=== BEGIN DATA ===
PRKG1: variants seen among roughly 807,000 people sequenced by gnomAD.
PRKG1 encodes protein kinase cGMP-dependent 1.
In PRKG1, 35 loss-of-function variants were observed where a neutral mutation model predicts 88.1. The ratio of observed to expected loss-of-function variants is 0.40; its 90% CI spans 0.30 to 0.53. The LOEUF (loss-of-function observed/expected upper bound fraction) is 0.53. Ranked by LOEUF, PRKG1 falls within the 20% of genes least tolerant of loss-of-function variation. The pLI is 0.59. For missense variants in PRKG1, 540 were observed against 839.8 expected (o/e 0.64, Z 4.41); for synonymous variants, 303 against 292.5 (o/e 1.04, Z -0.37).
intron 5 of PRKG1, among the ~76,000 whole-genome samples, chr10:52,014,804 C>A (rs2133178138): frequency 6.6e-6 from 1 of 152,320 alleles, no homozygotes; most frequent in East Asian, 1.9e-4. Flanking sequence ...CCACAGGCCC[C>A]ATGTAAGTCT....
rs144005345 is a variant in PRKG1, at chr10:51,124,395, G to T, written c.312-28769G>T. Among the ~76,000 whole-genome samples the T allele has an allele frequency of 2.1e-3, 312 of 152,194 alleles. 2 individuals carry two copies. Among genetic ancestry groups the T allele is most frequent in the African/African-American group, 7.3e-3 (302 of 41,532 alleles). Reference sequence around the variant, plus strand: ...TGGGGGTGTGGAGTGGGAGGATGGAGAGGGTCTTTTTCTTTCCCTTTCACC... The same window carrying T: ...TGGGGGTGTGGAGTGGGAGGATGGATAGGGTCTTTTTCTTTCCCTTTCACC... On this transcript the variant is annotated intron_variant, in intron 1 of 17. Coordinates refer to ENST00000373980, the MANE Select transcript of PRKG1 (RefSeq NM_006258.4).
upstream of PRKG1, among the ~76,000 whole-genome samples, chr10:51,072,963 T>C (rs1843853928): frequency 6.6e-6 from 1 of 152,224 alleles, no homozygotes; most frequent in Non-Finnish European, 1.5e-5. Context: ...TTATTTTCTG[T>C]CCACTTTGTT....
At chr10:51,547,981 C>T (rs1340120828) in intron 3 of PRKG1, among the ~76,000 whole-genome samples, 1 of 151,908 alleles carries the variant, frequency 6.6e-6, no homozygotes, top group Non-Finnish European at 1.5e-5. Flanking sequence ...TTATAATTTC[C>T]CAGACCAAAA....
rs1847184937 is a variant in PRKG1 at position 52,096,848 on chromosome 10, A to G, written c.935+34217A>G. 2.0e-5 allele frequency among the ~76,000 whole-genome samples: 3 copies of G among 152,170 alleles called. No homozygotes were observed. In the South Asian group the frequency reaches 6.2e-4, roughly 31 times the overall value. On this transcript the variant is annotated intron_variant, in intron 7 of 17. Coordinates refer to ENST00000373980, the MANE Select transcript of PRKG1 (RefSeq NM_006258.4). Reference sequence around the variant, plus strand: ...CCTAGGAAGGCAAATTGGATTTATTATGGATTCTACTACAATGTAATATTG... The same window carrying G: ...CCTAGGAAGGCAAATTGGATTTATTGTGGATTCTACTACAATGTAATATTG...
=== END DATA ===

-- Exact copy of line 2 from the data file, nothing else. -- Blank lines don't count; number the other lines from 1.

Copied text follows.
PRKG1 encodes protein kinase cGMP-dependent 1.